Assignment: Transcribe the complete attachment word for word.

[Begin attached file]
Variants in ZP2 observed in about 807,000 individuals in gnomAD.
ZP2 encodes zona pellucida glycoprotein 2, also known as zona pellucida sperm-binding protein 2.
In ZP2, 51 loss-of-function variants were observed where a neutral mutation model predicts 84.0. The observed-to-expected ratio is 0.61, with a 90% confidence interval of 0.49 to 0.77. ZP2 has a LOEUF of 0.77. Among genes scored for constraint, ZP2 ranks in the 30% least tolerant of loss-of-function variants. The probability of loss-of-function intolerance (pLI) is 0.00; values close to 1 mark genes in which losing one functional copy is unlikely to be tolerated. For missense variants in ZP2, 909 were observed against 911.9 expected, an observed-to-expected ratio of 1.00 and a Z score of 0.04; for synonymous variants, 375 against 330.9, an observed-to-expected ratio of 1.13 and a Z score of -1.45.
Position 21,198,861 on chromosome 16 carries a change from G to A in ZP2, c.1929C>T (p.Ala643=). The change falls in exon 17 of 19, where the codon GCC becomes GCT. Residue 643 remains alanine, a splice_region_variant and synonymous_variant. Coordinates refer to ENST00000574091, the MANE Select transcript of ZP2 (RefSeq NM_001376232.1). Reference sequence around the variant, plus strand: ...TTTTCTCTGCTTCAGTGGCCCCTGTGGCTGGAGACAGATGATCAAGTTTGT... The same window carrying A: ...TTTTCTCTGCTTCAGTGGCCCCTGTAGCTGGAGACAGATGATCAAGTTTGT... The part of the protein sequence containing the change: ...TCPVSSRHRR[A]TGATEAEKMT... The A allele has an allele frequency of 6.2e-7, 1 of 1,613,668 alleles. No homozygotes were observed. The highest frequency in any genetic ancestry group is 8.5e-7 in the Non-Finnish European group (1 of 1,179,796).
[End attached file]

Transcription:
Variants in ZP2 observed in about 807,000 individuals in gnomAD.
ZP2 encodes zona pellucida glycoprotein 2, also known as zona pellucida sperm-binding protein 2.
In ZP2, 51 loss-of-function variants were observed where a neutral mutation model predicts 84.0. The observed-to-expected ratio is 0.61, with a 90% confidence interval of 0.49 to 0.77. ZP2 has a LOEUF of 0.77. Among genes scored for constraint, ZP2 ranks in the 30% least tolerant of loss-of-function variants. The probability of loss-of-function intolerance (pLI) is 0.00; values close to 1 mark genes in which losing one functional copy is unlikely to be tolerated. For missense variants in ZP2, 909 were observed against 911.9 expected, an observed-to-expected ratio of 1.00 and a Z score of 0.04; for synonymous variants, 375 against 330.9, an observed-to-expected ratio of 1.13 and a Z score of -1.45.
Position 21,198,861 on chromosome 16 carries a change from G to A in ZP2, c.1929C>T (p.Ala643=). The change falls in exon 17 of 19, where the codon GCC becomes GCT. Residue 643 remains alanine, a splice_region_variant and synonymous_variant. Coordinates refer to ENST00000574091, the MANE Select transcript of ZP2 (RefSeq NM_001376232.1). Reference sequence around the variant, plus strand: ...TTTTCTCTGCTTCAGTGGCCCCTGTGGCTGGAGACAGATGATCAAGTTTGT... The same window carrying A: ...TTTTCTCTGCTTCAGTGGCCCCTGTAGCTGGAGACAGATGATCAAGTTTGT... The part of the protein sequence containing the change: ...TCPVSSRHRR[A]TGATEAEKMT... The A allele has an allele frequency of 6.2e-7, 1 of 1,613,668 alleles. No homozygotes were observed. The highest frequency in any genetic ancestry group is 8.5e-7 in the Non-Finnish European group (1 of 1,179,796).